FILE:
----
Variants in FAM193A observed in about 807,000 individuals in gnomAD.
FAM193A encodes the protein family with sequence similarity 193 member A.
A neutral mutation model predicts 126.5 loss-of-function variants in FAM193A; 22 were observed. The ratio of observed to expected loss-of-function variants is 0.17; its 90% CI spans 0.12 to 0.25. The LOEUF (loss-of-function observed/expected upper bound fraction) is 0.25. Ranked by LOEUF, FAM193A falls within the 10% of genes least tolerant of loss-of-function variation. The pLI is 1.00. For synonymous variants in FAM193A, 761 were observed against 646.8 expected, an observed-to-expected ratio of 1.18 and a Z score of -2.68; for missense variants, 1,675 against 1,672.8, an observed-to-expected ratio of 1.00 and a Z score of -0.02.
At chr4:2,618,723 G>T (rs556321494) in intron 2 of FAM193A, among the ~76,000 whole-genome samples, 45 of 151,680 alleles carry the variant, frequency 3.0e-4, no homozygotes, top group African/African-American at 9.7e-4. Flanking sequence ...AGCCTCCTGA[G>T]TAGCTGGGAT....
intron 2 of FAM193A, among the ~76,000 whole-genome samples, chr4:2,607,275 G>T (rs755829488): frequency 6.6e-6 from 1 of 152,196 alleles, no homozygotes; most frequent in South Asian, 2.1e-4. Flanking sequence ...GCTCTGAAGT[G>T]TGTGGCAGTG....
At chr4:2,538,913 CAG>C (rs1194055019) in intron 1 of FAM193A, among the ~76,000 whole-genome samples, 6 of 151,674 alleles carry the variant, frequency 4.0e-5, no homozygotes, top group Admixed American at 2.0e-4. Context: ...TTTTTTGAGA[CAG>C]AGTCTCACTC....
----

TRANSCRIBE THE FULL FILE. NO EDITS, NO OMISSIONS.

Variants in FAM193A observed in about 807,000 individuals in gnomAD.
FAM193A encodes the protein family with sequence similarity 193 member A.
A neutral mutation model predicts 126.5 loss-of-function variants in FAM193A; 22 were observed. The ratio of observed to expected loss-of-function variants is 0.17; its 90% CI spans 0.12 to 0.25. The LOEUF (loss-of-function observed/expected upper bound fraction) is 0.25. Ranked by LOEUF, FAM193A falls within the 10% of genes least tolerant of loss-of-function variation. The pLI is 1.00. For synonymous variants in FAM193A, 761 were observed against 646.8 expected, an observed-to-expected ratio of 1.18 and a Z score of -2.68; for missense variants, 1,675 against 1,672.8, an observed-to-expected ratio of 1.00 and a Z score of -0.02.
At chr4:2,618,723 G>T (rs556321494) in intron 2 of FAM193A, among the ~76,000 whole-genome samples, 45 of 151,680 alleles carry the variant, frequency 3.0e-4, no homozygotes, top group African/African-American at 9.7e-4. Flanking sequence ...AGCCTCCTGA[G>T]TAGCTGGGAT....
intron 2 of FAM193A, among the ~76,000 whole-genome samples, chr4:2,607,275 G>T (rs755829488): frequency 6.6e-6 from 1 of 152,196 alleles, no homozygotes; most frequent in South Asian, 2.1e-4. Flanking sequence ...GCTCTGAAGT[G>T]TGTGGCAGTG....
At chr4:2,538,913 CAG>C (rs1194055019) in intron 1 of FAM193A, among the ~76,000 whole-genome samples, 6 of 151,674 alleles carry the variant, frequency 4.0e-5, no homozygotes, top group Admixed American at 2.0e-4. Context: ...TTTTTTGAGA[CAG>C]AGTCTCACTC....